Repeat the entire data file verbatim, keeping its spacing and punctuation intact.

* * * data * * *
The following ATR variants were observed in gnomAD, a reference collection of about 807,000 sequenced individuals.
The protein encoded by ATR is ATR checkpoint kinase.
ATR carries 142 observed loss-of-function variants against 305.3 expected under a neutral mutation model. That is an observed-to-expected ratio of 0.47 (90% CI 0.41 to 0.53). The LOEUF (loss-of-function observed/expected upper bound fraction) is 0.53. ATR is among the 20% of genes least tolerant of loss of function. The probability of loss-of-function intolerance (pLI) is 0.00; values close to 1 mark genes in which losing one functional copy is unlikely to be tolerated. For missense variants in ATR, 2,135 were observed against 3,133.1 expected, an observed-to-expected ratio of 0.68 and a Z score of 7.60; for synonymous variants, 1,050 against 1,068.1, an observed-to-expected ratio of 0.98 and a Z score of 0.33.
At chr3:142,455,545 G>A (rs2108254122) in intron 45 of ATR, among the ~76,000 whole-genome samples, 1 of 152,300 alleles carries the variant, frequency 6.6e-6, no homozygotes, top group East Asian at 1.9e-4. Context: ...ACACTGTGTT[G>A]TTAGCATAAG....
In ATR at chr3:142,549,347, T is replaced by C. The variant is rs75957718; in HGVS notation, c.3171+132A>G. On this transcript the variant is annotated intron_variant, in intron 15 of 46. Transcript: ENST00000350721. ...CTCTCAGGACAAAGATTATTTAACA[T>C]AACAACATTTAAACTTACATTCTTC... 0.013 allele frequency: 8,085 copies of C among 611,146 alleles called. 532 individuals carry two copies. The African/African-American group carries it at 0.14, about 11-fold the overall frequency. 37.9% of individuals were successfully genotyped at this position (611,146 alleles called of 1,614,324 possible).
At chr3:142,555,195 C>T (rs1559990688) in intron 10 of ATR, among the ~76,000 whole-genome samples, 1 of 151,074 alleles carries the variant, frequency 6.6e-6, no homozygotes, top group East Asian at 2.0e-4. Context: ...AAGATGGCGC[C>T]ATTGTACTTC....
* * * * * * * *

The following ATR variants were observed in gnomAD, a reference collection of about 807,000 sequenced individuals.
The protein encoded by ATR is ATR checkpoint kinase.
ATR carries 142 observed loss-of-function variants against 305.3 expected under a neutral mutation model. That is an observed-to-expected ratio of 0.47 (90% CI 0.41 to 0.53). The LOEUF (loss-of-function observed/expected upper bound fraction) is 0.53. ATR is among the 20% of genes least tolerant of loss of function. The probability of loss-of-function intolerance (pLI) is 0.00; values close to 1 mark genes in which losing one functional copy is unlikely to be tolerated. For missense variants in ATR, 2,135 were observed against 3,133.1 expected, an observed-to-expected ratio of 0.68 and a Z score of 7.60; for synonymous variants, 1,050 against 1,068.1, an observed-to-expected ratio of 0.98 and a Z score of 0.33.
At chr3:142,455,545 G>A (rs2108254122) in intron 45 of ATR, among the ~76,000 whole-genome samples, 1 of 152,300 alleles carries the variant, frequency 6.6e-6, no homozygotes, top group East Asian at 1.9e-4. Context: ...ACACTGTGTT[G>A]TTAGCATAAG....
In ATR at chr3:142,549,347, T is replaced by C. The variant is rs75957718; in HGVS notation, c.3171+132A>G. On this transcript the variant is annotated intron_variant, in intron 15 of 46. Transcript: ENST00000350721. ...CTCTCAGGACAAAGATTATTTAACA[T>C]AACAACATTTAAACTTACATTCTTC... 0.013 allele frequency: 8,085 copies of C among 611,146 alleles called. 532 individuals carry two copies. The African/African-American group carries it at 0.14, about 11-fold the overall frequency. 37.9% of individuals were successfully genotyped at this position (611,146 alleles called of 1,614,324 possible).
At chr3:142,555,195 C>T (rs1559990688) in intron 10 of ATR, among the ~76,000 whole-genome samples, 1 of 151,074 alleles carries the variant, frequency 6.6e-6, no homozygotes, top group East Asian at 2.0e-4. Context: ...AAGATGGCGC[C>T]ATTGTACTTC....